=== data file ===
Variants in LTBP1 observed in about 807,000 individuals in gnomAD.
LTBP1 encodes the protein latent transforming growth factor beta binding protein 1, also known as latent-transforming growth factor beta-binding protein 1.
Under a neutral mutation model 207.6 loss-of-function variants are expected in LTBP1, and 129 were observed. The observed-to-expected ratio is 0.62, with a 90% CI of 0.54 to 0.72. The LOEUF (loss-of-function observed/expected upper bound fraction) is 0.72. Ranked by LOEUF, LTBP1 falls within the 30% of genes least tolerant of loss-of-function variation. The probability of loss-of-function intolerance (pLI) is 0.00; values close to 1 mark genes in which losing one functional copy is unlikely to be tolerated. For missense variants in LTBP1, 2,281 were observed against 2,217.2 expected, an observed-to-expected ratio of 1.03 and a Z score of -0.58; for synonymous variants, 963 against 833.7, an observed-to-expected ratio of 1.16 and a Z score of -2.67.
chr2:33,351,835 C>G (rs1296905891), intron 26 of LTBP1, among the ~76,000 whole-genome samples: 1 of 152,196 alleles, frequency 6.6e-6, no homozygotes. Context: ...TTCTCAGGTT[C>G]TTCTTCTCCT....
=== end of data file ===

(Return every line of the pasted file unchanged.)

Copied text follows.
Variants in LTBP1 observed in about 807,000 individuals in gnomAD.
LTBP1 encodes the protein latent transforming growth factor beta binding protein 1, also known as latent-transforming growth factor beta-binding protein 1.
Under a neutral mutation model 207.6 loss-of-function variants are expected in LTBP1, and 129 were observed. The observed-to-expected ratio is 0.62, with a 90% CI of 0.54 to 0.72. The LOEUF (loss-of-function observed/expected upper bound fraction) is 0.72. Ranked by LOEUF, LTBP1 falls within the 30% of genes least tolerant of loss-of-function variation. The probability of loss-of-function intolerance (pLI) is 0.00; values close to 1 mark genes in which losing one functional copy is unlikely to be tolerated. For missense variants in LTBP1, 2,281 were observed against 2,217.2 expected, an observed-to-expected ratio of 1.03 and a Z score of -0.58; for synonymous variants, 963 against 833.7, an observed-to-expected ratio of 1.16 and a Z score of -2.67.
chr2:33,351,835 C>G (rs1296905891), intron 26 of LTBP1, among the ~76,000 whole-genome samples: 1 of 152,196 alleles, frequency 6.6e-6, no homozygotes. Context: ...TTCTCAGGTT[C>G]TTCTTCTCCT....